Erythema Multiforme

Erythema multiforme is a mucocutaneous inflammatory disorder, but sometimes the mouth is the only site of involvement [1, 8]. It can be relatively mild or manifest with fever, malaise and extensive skin, mucosal and ocular lesions when it is sometimes called Stevens Johnson syndrome or erythema multiforme major. It is thought to be an immunologically mediated disorder, but in many cases no precipitating factor is found. Triggering agents that have been implicated include infections with Herpes simplex virus [7] and Mycoplasma pneumoniae [99] and a wide range of drugs including sulphonamides, anticonvulsants, non-steroidal anti-inflammatory medications and antibiotics. Although patients may suffer a single episode, it is often recurrent.

Erythema multiforme is usually seen in young adults (20-40 years) and is more common in males. Oral lesions may be the only feature of the disease or cutaneous involvement may follow several attacks of oral ulceration. The lips are the most frequently involved site and typically show swelling and extensive haemorrhagic crusting. Within the mouth there are usually diffuse erythematous areas and superficial ulcers on the buccal mucosa, floor of the mouth, tongue, soft palate and fauces. It is uncommon for the gingiva to be involved and this sometimes helps to distinguish erythema multiforme from primary herpetic gingivostomatitis, where gingival inflammation is a conspicuous feature. The areas of mucosa involved frequently break down to form painful, shallow, irregular ulcers on a background of more generalised erythema. It is unusual to see intact blisters in the mouth.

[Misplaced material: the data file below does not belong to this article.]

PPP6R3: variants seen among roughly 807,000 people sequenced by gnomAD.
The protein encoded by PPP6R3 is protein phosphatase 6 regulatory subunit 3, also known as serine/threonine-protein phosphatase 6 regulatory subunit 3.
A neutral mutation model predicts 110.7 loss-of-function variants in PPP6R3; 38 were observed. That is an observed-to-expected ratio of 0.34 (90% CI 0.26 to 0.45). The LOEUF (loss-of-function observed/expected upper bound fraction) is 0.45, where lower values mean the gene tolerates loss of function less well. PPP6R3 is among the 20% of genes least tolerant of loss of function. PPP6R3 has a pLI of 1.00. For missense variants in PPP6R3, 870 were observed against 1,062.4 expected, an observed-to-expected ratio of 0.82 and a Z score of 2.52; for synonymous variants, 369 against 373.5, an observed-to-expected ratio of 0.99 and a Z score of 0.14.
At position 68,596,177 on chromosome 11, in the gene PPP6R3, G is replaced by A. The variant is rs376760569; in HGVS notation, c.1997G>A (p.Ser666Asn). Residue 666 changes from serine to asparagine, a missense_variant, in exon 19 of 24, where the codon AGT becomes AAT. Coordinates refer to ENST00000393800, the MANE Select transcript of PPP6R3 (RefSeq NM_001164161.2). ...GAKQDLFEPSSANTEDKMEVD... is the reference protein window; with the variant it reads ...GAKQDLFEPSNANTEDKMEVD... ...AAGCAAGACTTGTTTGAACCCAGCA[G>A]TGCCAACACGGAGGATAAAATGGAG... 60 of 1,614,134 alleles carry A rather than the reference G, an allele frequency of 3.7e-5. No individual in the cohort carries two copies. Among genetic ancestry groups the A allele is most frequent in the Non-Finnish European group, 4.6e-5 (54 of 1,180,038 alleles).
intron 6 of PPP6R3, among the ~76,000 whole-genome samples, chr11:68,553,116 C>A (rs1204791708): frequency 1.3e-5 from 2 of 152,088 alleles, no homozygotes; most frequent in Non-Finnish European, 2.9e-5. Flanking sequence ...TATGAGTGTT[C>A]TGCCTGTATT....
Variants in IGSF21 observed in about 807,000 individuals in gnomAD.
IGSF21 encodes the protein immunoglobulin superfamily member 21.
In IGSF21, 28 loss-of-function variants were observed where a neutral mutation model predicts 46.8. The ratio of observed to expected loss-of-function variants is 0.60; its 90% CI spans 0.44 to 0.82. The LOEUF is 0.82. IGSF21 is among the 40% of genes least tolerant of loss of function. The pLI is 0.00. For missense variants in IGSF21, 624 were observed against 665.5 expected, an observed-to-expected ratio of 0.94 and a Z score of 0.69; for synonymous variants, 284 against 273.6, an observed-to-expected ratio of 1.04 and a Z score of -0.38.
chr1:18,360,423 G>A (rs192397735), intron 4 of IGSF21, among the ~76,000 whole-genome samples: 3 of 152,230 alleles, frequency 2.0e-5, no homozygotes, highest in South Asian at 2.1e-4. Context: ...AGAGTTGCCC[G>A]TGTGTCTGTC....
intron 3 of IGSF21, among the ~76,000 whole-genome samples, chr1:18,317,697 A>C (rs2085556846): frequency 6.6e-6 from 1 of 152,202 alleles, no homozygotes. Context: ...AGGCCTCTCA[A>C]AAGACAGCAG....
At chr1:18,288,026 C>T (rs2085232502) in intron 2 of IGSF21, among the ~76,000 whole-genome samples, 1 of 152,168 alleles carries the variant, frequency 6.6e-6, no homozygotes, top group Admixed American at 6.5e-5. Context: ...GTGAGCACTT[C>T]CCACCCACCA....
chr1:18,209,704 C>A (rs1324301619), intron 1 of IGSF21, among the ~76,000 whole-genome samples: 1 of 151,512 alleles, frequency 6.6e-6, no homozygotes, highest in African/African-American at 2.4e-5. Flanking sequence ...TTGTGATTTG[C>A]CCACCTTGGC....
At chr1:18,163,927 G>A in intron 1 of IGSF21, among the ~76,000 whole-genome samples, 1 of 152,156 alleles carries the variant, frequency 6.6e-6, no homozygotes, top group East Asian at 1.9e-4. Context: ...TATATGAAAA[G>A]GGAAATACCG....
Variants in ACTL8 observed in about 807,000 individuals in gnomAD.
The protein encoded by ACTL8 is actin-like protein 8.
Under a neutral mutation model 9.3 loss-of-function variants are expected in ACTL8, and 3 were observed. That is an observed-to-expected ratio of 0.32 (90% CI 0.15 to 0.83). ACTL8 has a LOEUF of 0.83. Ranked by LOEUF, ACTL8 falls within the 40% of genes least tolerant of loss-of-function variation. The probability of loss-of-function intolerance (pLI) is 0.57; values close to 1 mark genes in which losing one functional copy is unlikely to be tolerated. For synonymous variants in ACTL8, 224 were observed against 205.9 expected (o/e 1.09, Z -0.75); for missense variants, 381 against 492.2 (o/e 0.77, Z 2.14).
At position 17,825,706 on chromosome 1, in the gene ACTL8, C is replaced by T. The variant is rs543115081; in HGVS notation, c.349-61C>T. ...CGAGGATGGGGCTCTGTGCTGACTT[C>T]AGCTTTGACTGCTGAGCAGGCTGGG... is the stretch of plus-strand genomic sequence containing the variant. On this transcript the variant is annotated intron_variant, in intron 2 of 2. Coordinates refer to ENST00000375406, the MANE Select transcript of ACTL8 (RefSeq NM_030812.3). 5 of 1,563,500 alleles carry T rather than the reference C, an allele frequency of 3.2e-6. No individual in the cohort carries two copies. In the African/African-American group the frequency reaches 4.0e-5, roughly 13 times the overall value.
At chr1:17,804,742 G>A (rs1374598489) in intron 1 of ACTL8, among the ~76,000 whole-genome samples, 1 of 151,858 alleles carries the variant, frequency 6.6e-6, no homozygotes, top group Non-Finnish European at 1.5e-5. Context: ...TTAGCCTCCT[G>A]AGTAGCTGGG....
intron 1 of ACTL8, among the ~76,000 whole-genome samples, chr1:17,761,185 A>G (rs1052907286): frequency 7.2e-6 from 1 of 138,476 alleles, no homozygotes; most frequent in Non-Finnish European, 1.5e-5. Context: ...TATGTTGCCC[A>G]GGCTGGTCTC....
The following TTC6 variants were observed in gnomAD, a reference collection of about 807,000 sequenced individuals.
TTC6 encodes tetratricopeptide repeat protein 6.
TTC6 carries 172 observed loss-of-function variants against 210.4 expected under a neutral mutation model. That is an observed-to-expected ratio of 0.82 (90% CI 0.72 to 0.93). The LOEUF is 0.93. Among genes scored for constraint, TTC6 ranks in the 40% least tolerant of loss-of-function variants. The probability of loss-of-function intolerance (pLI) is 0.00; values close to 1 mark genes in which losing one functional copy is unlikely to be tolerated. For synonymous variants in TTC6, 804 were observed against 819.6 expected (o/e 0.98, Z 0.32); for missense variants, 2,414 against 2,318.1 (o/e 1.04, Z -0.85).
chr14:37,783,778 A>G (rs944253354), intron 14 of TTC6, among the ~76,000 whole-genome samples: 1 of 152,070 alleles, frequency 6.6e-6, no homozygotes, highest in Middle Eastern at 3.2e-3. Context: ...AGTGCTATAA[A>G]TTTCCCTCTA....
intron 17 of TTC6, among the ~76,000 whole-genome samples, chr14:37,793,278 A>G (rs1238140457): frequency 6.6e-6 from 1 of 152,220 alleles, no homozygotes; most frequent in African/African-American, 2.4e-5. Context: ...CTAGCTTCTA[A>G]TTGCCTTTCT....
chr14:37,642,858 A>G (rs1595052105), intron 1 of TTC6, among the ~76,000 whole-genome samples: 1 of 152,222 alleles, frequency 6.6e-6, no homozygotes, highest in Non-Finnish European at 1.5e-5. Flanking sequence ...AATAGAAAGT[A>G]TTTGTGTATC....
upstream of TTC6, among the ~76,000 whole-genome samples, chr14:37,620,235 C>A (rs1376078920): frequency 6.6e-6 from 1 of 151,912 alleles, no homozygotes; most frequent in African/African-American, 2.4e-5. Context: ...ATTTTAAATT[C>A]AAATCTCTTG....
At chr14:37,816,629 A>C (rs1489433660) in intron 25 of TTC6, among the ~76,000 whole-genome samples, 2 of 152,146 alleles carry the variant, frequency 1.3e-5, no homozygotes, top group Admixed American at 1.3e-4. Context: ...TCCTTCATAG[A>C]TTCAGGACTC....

The classical cutaneous manifestation of erythema multiforme is the development of so-called target or bull's eye lesions. These begin as dark red macules, usually 1-3 cm in diameter. They become slightly elevated and develop a characteristic bluish centre. These lesions are seen most frequently on the hands and lower limbs. In erythema multiforme major there may be ocular and genital involvement together with constitutional symptoms. A very severe and potentially lethal variant is toxic epidermal necrolysis, when there is widespread cutaneous and mucosal involvement with extensive blistering and epidermal loss leading to fluid and electrolyte loss and secondary infection.

Microscopy shows variable features and early epithelial breakdown of oral lesions frequently masks any characteristic features [25]. In the early lesions there is apoptosis and necrosis of keratinocytes, intercellular oedema and inflammatory infiltration of the epithelium. This leads to intra- and sub-epithelial vesiculation and ultimately loss of the roof of the blister to form an ulcer. There is lymphohistiocytic and polymorphonuclear infiltration of the superficial corium and the inflammatory infiltrate can extend more deeply, often in a perivascular distribution. Patchy deposits of C3 and IgM may be found in the walls of blood vessels, but there is no frank vasculitis and the immune complex deposition appears to be non-specific.

How To Deal With Rosacea and Eczema

How To Deal With Rosacea and Eczema

Rosacea and Eczema are two skin conditions that are fairly commonly found throughout the world. Each of them is characterized by different features, and can be both discomfiting as well as result in undesirable appearance features. In a nutshell, theyre problems that many would want to deal with.

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